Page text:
There’s also no need to peel the carrots before you add them to the soup. Give them a good rinse, chop them up, and add them to the pot.
What’s the best way to serve Yellow Split Pea Soup?
I love a little garnish to add color, texture, and flavor to a finished dish. Try this Yellow Split pea Soup topped with cilantro, fresh chives, and toasted sunflower seeds.
How to Toast Sunflower Seeds
Preheat the oven to 350 degrees Fahrenheit and spread sunflower seeds in a single layer on a rimmed baking sheet. Then, bake the sunflower seeds for 5 minutes or until they turn golden brown and smell nutty and toasty.
Can you make this recipe in advance? What’s the best way to store it?
This one-pot soup is perfect for meal prep. To store it, transfer the soup to an airtight container and refrigerate for up to a week. You can also freeze it for up to 6 months.
Potential Ingredient Substitutions:
- If you don’t have yellow split peas, substitute green split peas or lentils
- Out of fresh carrots? Replace with frozen or canned carrots instead
- In place of fresh mushrooms, use dry (any type works)
- If you don’t have sunflower seeds, omit or try pumpkin seeds, walnuts, or slivered almonds
- 2 tablespoons grapeseed oil or as needed to coat the pot
- 1 cup diced red onion (½ large)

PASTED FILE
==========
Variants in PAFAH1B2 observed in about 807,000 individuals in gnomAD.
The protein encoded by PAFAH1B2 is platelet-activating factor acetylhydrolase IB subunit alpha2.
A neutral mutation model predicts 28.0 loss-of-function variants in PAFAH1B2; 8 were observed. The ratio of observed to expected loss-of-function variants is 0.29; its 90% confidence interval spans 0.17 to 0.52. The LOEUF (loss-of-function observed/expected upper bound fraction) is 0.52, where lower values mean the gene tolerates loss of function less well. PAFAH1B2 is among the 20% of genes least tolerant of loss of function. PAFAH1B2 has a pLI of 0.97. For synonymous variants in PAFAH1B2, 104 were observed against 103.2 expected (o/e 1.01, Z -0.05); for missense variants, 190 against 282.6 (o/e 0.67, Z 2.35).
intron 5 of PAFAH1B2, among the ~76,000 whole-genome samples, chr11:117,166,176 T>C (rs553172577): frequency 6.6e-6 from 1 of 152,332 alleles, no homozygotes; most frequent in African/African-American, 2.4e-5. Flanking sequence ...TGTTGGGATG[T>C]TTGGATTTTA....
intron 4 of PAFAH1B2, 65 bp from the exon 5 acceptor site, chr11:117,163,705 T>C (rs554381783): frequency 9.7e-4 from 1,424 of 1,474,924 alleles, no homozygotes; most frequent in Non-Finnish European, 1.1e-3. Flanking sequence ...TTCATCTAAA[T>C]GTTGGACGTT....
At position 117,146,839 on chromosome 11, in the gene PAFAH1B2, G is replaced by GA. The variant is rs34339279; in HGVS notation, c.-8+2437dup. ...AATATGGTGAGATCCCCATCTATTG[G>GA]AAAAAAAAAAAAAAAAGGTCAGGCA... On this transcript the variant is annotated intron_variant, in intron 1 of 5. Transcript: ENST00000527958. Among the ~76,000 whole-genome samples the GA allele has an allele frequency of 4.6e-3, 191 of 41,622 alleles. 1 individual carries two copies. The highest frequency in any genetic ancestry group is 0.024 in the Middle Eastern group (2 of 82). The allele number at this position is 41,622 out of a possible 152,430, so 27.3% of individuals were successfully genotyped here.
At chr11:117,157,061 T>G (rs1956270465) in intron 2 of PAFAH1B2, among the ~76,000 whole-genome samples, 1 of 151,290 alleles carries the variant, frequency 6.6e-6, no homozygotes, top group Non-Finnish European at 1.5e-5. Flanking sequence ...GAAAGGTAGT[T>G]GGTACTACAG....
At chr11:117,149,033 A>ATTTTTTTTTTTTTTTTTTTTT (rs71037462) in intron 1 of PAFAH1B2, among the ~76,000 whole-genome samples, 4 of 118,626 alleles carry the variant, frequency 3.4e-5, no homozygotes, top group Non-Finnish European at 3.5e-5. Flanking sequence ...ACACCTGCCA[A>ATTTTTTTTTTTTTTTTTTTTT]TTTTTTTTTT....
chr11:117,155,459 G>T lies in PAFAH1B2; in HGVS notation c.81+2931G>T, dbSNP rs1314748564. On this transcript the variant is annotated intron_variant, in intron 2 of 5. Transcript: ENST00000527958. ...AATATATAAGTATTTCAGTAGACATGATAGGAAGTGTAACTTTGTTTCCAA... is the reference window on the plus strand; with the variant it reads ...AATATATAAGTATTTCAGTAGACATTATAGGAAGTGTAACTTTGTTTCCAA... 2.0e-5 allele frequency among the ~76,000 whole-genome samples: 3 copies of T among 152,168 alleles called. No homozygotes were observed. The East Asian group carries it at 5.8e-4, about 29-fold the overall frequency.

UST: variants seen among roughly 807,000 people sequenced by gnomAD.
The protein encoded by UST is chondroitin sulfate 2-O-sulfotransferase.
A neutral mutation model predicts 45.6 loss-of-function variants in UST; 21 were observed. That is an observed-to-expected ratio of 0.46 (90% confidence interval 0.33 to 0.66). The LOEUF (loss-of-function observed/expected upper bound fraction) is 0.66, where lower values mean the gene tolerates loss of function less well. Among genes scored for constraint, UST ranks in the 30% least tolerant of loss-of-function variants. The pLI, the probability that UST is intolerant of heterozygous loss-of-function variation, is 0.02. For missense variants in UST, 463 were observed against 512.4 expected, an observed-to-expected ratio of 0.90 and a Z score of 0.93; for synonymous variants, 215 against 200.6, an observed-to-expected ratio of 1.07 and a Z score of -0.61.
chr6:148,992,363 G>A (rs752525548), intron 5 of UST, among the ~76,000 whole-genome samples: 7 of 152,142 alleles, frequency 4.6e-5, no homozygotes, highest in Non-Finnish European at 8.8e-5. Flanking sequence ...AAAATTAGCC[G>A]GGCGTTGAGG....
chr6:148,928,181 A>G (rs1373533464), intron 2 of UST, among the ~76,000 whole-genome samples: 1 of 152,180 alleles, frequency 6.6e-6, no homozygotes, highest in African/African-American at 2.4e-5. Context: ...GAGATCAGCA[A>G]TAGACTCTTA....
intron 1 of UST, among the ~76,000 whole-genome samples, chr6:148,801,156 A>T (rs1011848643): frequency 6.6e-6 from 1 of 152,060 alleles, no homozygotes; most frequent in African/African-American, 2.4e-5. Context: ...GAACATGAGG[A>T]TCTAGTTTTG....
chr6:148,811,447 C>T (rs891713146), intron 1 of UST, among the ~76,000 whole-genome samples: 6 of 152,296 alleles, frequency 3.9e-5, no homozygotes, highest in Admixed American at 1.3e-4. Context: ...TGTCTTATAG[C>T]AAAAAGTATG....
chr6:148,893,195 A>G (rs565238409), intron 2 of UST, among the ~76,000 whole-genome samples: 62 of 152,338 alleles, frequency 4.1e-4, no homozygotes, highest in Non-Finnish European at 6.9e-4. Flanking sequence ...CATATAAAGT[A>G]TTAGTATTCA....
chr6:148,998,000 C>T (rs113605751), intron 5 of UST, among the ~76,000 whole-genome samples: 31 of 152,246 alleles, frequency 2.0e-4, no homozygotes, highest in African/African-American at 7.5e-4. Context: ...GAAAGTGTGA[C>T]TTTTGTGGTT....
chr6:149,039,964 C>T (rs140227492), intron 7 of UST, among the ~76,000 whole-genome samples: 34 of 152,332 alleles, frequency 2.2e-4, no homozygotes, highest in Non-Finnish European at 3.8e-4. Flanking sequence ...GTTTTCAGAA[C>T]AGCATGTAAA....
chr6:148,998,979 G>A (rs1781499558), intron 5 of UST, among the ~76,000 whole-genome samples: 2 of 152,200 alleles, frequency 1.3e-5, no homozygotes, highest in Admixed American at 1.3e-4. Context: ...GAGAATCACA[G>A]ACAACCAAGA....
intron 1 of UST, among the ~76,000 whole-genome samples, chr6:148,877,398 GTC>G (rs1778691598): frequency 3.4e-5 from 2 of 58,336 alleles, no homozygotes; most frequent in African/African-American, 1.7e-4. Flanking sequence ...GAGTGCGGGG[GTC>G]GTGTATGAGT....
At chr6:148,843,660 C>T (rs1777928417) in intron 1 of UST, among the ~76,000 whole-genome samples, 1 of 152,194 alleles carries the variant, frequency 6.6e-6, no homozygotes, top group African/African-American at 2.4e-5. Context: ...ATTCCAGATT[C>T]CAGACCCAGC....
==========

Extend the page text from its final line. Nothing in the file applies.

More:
- 2 medium carrots, diced (reserve green tops if desired)
- 4 cloves garlic, minced
- 2- inch piece of ginger, grated
- 2 cups sliced mushrooms (I used mix of white and shiitake)
- 4 cups vegetable broth
- 2 cups water
- 2 cups dry yellow split peas, rinsed
- 1 tablespoon coriander
- 1 tablespoon turmeric
- Salt and pepper to taste
- Cilantro leaves
- Chopped fresh chives
- Sunflower seeds, toasted if desired (see note)
Add grapeseed oil to a 12-quart stockpot over medium heat. Stir in red onion and carrots and cook 4 minutes, or until onion is translucent. Stir in garlic, ginger, and mushrooms and cook 4 minutes, or until the mushrooms darken in color. Add more oil to prevent the vegetables from sticking as needed. Stir in vegetable broth, water, yellow split peas, coriander, and turmeric. Increase heat to high and bring to a boil, then reduce heat to low-medium and cook 25 minutes, or until peas are tender. (Cook longer for a softer texture.) Chop green carrot tops and stir them into the pot during the final 5 minutes of cooking if desired. Taste and season with salt and pepper.
- Divide soup between bowls and garnish with cilantro, chives, and sunflower seeds if desired.
- Store in an airtight container and refrigerate for up to 1 week or freeze for up to 6 months.
There is no need to soak the yellow split peas before cooking them.
To toast sunflower seeds: Preheat oven to 350 degrees Fahrenheit and spread sunflower seeds in a single layer on a rimmed baking sheet. Bake 5 minutes or until golden brown and aromatic.
Looking for More Vegan Soup Recipes?
- Vegan Turmeric Soup
- Instant Pot Black Bean Soup
- Vegan Corn Chowder
- Tomato Barley Soup with Roasted Chickpeas
- 8-Ingredient Harissa Bean Chili
- Carrot Ginger Sweet Potato Soup
Did you Try This Recipe?
Rate and leave a comment below or tag me (@GratefulGrazer) if you share on Instagram. I’d love to hear how it went!